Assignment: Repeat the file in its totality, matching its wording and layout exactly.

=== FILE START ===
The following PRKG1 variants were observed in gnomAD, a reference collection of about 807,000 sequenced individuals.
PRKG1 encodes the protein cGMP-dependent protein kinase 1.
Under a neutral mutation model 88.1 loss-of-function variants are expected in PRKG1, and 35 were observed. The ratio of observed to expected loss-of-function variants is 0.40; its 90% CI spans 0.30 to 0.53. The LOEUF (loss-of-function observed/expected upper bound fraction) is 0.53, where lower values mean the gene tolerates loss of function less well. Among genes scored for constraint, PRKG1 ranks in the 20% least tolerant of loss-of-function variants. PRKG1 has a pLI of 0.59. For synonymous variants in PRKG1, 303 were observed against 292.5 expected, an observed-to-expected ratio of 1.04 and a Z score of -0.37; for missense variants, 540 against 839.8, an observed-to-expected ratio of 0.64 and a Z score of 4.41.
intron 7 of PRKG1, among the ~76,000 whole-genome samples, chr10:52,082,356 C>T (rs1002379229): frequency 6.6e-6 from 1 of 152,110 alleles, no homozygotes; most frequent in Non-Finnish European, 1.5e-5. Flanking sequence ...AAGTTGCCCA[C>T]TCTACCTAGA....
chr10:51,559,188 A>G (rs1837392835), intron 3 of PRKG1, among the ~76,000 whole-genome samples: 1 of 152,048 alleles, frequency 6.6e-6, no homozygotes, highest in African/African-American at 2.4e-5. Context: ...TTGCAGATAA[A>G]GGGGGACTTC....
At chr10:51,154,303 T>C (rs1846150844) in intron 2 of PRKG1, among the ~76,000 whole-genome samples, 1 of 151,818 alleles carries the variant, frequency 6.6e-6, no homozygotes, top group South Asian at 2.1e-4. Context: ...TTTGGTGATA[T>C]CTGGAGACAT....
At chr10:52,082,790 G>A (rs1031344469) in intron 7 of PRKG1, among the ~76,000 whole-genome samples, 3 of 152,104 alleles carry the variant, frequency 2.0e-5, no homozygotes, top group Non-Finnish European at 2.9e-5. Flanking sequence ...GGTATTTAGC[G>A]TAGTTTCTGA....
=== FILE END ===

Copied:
The following PRKG1 variants were observed in gnomAD, a reference collection of about 807,000 sequenced individuals.
PRKG1 encodes the protein cGMP-dependent protein kinase 1.
Under a neutral mutation model 88.1 loss-of-function variants are expected in PRKG1, and 35 were observed. The ratio of observed to expected loss-of-function variants is 0.40; its 90% CI spans 0.30 to 0.53. The LOEUF (loss-of-function observed/expected upper bound fraction) is 0.53, where lower values mean the gene tolerates loss of function less well. Among genes scored for constraint, PRKG1 ranks in the 20% least tolerant of loss-of-function variants. PRKG1 has a pLI of 0.59. For synonymous variants in PRKG1, 303 were observed against 292.5 expected, an observed-to-expected ratio of 1.04 and a Z score of -0.37; for missense variants, 540 against 839.8, an observed-to-expected ratio of 0.64 and a Z score of 4.41.
intron 7 of PRKG1, among the ~76,000 whole-genome samples, chr10:52,082,356 C>T (rs1002379229): frequency 6.6e-6 from 1 of 152,110 alleles, no homozygotes; most frequent in Non-Finnish European, 1.5e-5. Flanking sequence ...AAGTTGCCCA[C>T]TCTACCTAGA....
chr10:51,559,188 A>G (rs1837392835), intron 3 of PRKG1, among the ~76,000 whole-genome samples: 1 of 152,048 alleles, frequency 6.6e-6, no homozygotes, highest in African/African-American at 2.4e-5. Context: ...TTGCAGATAA[A>G]GGGGGACTTC....
At chr10:51,154,303 T>C (rs1846150844) in intron 2 of PRKG1, among the ~76,000 whole-genome samples, 1 of 151,818 alleles carries the variant, frequency 6.6e-6, no homozygotes, top group South Asian at 2.1e-4. Context: ...TTTGGTGATA[T>C]CTGGAGACAT....
At chr10:52,082,790 G>A (rs1031344469) in intron 7 of PRKG1, among the ~76,000 whole-genome samples, 3 of 152,104 alleles carry the variant, frequency 2.0e-5, no homozygotes, top group Non-Finnish European at 2.9e-5. Flanking sequence ...GGTATTTAGC[G>A]TAGTTTCTGA....